In the United States, it took a long time to convince many people that the coronavirus was an illness that needed to be taken seriously. Many citizens resisted the urge to protect themselves from infection by maintaining social distancing or wearing masks.
That denial seems to have been replaced by concern from almost everyone in the country, to some level, at least.
Updated research for Spectrem’s three-month report on the financial and economic impact of the coronavirus showed just how public opinion changed in one month from early March to early April.
For the April edition of Corona Crash: What Advisors Should Be Saying to Investors Now, investors were asked during the first week of April to place the impact of the coronavirus on the economy on a 0-to-100 scale. April marked the third month of questioning about the virus.
In February, the average response to the question was 60.94, indicating even then investors knew the virus would have an impact on the economy. The question was just how harsh the impact would be.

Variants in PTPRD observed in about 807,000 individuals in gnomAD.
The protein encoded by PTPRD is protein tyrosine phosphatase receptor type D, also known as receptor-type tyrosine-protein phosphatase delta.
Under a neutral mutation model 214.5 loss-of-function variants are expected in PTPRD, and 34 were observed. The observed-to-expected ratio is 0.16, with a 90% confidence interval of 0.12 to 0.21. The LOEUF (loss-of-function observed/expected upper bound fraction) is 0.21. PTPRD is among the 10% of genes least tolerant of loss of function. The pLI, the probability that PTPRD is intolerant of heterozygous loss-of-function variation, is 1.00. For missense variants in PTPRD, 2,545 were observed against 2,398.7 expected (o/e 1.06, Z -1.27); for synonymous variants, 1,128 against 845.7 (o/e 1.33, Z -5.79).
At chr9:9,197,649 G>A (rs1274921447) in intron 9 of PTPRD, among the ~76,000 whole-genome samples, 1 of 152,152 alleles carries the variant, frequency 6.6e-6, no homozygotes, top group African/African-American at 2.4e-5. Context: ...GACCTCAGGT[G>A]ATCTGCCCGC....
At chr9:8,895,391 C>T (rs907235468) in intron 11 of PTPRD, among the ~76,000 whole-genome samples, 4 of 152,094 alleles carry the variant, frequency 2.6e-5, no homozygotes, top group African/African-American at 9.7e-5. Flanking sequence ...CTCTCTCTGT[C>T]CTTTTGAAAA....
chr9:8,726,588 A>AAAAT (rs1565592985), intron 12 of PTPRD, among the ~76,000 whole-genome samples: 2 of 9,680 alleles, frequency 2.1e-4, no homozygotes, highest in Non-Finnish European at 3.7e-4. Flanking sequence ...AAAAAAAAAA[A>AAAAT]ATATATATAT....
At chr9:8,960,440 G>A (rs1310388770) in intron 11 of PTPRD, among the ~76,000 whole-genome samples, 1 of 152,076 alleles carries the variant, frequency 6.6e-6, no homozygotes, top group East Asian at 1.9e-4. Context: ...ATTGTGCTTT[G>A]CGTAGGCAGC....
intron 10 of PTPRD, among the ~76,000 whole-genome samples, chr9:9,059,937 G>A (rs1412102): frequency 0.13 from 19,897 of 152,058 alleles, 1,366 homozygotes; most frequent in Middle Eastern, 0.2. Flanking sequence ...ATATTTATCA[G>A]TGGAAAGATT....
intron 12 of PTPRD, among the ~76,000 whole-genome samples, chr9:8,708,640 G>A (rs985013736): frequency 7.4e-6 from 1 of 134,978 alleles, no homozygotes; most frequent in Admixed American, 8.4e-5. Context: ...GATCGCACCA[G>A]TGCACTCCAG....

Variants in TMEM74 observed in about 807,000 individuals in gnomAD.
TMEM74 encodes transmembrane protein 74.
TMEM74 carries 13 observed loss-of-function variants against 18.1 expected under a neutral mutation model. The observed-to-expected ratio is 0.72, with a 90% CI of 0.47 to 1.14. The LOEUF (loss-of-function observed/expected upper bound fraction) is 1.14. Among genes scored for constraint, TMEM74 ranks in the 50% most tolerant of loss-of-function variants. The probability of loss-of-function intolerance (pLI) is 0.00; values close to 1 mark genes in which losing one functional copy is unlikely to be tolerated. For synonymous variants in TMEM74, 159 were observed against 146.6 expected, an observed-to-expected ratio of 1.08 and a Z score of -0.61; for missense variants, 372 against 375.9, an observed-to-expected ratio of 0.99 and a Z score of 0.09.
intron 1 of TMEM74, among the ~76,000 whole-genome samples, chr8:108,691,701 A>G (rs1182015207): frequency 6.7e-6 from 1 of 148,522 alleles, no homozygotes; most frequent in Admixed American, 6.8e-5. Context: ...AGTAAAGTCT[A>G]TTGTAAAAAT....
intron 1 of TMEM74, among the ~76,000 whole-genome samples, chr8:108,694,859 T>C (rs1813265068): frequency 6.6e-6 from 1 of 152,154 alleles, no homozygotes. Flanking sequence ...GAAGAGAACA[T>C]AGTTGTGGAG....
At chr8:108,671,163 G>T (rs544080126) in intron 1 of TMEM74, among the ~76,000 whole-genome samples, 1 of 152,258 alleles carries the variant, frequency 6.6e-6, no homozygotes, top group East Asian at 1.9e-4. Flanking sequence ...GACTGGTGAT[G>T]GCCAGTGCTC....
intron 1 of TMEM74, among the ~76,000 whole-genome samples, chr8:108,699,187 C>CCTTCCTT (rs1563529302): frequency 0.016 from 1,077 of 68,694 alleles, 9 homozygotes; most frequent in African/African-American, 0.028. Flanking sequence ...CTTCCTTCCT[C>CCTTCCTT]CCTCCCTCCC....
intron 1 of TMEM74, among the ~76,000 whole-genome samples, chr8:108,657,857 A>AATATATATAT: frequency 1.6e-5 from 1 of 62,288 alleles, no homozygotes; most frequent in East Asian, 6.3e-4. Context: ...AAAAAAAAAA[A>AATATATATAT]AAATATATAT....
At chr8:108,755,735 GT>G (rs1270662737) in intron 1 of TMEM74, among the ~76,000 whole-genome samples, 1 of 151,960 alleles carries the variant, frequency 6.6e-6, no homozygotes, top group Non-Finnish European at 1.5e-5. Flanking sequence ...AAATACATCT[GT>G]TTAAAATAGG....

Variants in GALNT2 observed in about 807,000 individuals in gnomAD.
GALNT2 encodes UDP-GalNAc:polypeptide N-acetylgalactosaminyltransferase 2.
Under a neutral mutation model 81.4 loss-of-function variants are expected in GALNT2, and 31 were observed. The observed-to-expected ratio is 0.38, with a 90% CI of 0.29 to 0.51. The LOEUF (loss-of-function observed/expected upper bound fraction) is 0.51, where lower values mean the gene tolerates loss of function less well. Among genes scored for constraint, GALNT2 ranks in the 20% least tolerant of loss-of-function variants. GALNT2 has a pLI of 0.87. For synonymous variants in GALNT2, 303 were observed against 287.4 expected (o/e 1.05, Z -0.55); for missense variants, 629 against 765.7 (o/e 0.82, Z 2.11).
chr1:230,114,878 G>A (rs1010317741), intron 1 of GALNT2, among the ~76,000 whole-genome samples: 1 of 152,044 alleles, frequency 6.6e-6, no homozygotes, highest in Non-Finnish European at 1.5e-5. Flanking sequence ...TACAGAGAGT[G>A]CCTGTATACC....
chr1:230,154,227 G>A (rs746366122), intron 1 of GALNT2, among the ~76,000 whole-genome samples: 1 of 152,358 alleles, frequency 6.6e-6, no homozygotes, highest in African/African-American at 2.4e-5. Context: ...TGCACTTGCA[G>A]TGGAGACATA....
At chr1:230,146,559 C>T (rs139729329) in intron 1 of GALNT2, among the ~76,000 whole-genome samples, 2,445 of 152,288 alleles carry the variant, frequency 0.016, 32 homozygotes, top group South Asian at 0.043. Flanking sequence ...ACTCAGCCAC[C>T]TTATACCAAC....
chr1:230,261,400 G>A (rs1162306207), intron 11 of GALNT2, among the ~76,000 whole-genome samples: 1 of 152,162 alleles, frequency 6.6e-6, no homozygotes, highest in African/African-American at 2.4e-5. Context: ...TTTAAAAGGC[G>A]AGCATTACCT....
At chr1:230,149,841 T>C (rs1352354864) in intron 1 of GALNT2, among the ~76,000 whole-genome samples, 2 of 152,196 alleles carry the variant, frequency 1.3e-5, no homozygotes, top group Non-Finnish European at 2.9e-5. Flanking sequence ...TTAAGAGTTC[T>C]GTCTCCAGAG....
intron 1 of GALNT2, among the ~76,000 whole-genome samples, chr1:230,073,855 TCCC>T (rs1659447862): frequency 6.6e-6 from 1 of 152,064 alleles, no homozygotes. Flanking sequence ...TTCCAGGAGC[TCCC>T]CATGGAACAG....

Then, in early March, investors were asked the same question and the rating jumped 10 points to 70.49. In Spectrem research history, a rating of 70 or above indicates a general agreement on the topic, with investors having different levels of concern about the issue being discussed. Such seemed to be the case in March.
In April, that rating reached the statistically high total of 87.09, and the rating was similar among investors of all age groups. Baby Boomers and World War II investors had the rating at 87.96 and 86.10, while Millennials rated the impact at 83.89 and Gen X investors rated it at 85.40.
The question no longer seems to be a question.
Corona Crash: What Advisors Should Be Saying to Investors Now is available here. The April edition will be published in mid-April.
Keywords: coronavirus, Spectrem, investors, advisors, Corona Crash, April, economy